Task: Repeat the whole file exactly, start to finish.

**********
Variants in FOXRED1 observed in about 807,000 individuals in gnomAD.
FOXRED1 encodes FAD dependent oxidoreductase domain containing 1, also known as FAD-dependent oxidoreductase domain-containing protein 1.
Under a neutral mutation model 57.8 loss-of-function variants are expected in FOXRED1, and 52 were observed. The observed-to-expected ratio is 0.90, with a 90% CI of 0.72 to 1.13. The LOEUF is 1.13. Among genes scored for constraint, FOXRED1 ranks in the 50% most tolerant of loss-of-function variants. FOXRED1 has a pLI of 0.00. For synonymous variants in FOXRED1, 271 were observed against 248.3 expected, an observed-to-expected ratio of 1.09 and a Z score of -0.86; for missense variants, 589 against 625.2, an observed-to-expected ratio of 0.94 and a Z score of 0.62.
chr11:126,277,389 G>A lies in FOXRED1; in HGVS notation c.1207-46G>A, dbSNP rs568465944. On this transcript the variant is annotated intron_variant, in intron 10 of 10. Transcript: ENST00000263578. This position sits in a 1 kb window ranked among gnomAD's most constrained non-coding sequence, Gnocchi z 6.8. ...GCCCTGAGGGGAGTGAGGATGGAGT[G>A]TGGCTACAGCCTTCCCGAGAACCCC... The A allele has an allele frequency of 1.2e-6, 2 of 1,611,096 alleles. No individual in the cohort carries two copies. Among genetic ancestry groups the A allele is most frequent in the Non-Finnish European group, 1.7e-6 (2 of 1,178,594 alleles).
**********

Variants in FOXRED1 observed in about 807,000 individuals in gnomAD.
FOXRED1 encodes FAD dependent oxidoreductase domain containing 1, also known as FAD-dependent oxidoreductase domain-containing protein 1.
Under a neutral mutation model 57.8 loss-of-function variants are expected in FOXRED1, and 52 were observed. The observed-to-expected ratio is 0.90, with a 90% CI of 0.72 to 1.13. The LOEUF is 1.13. Among genes scored for constraint, FOXRED1 ranks in the 50% most tolerant of loss-of-function variants. FOXRED1 has a pLI of 0.00. For synonymous variants in FOXRED1, 271 were observed against 248.3 expected, an observed-to-expected ratio of 1.09 and a Z score of -0.86; for missense variants, 589 against 625.2, an observed-to-expected ratio of 0.94 and a Z score of 0.62.
chr11:126,277,389 G>A lies in FOXRED1; in HGVS notation c.1207-46G>A, dbSNP rs568465944. On this transcript the variant is annotated intron_variant, in intron 10 of 10. Transcript: ENST00000263578. This position sits in a 1 kb window ranked among gnomAD's most constrained non-coding sequence, Gnocchi z 6.8. ...GCCCTGAGGGGAGTGAGGATGGAGT[G>A]TGGCTACAGCCTTCCCGAGAACCCC... The A allele has an allele frequency of 1.2e-6, 2 of 1,611,096 alleles. No individual in the cohort carries two copies. Among genetic ancestry groups the A allele is most frequent in the Non-Finnish European group, 1.7e-6 (2 of 1,178,594 alleles).